Wrapping My Brain Around Gumshoe




On my list of games to try at some point is some game from the Gumshoe family of RPGs. I've got a bunch of them - though I've never played one outright they are all wonderfully done and have a very high density of useful ideas, even if you never play one of those games outright.

However, I do want to get around to playing one of them at some point. High on my list is the recent TimeWatch RPG, followed closely by Night's Black Agents, especially it's Dracula Dossier.

For TimeWatch I'm generally a fan of the time travel genre and more importantly, at least for me, a huge fan of history. I hope at some point to be able to visit Istanbul and see the capital of two great empires, to see the pyramids in Egypt, to see the canals of Venice, etc. I doubt I'll ever be able to go on a history world tour but some of those destinations are definitely in reach (alas no trip to the Royal Navy Museum in Portsmouth next year - the girls really want a trip to Disney...)

Dracula Dossier... I absolutely love the novel Dracula as well as fiction that has been built around it, such as Kostova's The Historian.

One of the things I've wrestled with is the Gumshoe system itself. It's not a particularly complex system. It has a number of traits that separate it from most systems:

  • It is geared towards accumulating clues - if a clue is present and you have the proper investigative ability (which could be scientific, interpersonal, etc. - it's not always finding a scrap of paper) you get it. The interesting thing is supposed to be what you do with these clues.
  • The game is very much a resource-based game, with all abilities measured in points that refresh under certain conditions (often the end of an adventure). While you automatically get clues with your investigative abilities, spending a point from that ability adds extra awesomeness. For example if you interrogate a gang member to learn about his boss you get the needed information automatically. But a point spend might, for example, also get him to contact you with additional information later.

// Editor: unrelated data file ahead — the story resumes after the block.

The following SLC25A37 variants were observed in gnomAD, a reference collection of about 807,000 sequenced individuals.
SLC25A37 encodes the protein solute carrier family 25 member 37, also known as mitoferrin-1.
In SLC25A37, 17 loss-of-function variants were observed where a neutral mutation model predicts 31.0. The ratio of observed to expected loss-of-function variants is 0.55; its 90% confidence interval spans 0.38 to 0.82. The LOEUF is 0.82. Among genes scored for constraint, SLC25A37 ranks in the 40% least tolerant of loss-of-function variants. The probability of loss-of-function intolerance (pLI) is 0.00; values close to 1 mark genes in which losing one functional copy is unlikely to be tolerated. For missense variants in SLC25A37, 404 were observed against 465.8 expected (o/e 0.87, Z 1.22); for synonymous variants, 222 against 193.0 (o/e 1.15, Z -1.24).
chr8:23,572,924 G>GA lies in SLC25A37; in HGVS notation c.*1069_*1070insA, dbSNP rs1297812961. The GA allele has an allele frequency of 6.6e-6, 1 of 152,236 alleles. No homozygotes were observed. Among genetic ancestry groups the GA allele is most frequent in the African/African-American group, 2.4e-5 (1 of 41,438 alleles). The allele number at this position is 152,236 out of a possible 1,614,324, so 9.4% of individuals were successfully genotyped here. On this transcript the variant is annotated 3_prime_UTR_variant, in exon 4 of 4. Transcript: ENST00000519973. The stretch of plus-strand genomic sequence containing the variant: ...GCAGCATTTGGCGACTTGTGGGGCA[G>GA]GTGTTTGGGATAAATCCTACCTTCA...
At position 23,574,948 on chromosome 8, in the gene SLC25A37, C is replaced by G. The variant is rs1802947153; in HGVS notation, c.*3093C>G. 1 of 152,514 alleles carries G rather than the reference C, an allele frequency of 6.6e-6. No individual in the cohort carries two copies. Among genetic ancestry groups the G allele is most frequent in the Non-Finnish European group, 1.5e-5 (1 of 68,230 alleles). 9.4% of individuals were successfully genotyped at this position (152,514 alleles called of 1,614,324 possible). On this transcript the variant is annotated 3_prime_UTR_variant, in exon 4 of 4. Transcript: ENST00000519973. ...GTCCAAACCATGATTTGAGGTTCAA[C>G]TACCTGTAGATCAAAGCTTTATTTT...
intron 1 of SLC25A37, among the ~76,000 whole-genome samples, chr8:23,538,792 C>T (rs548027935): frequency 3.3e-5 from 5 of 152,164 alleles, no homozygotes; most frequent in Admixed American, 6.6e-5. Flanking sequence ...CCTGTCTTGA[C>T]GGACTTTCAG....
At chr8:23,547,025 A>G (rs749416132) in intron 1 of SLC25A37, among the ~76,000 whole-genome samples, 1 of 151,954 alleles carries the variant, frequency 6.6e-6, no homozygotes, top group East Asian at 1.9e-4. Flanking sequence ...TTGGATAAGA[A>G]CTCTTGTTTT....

• In addition to investigative abilities, general abilities are used for things like combat, athletic ability, etc. General abilities are random with your action determined on a 1d6 roll, plus any points you spend.
There's a bit of weirdness here, at least from the perspective of more "traditional" RPGs.

The biggest has to be the whole mechanic of auto-finding clues. It's definitely a switch from the whole "make an intimidate skill check" or "roll against spot hidden". 

The other is the task resolution. There's a few things here to wrap your brain around. The first is one that a player in my group mentioned to me and it crystallized something I'd been contemplating - 1d6 just seems a little bit... dull. That's a qualitative objection but I understood exactly what he meant. I'm not saying it's like this in practice - I actually imagine what works would vary from person to person and group to group. But it certainly is one of those things that seems odd from the outside.

Similarly, the spending of points from a finite pool seems a little unusual, given most games provide you with a static bonus based on how skilled you are. The character certainly doesn't know how low in points he or she is getting but the player does. I imagine how much you accept that is somewhat key in how well the game would work for you..


I'm probably sounding a bit negative on the system - to be honest, I'm not. But I am giving some thoughts to the areas that I find challenging. I imagine that this is a case where actually trying out a system is critical and listening to an actual play recording might be worthwhile as well. I'm definitely still giving some thought to trying out TimeWatch.

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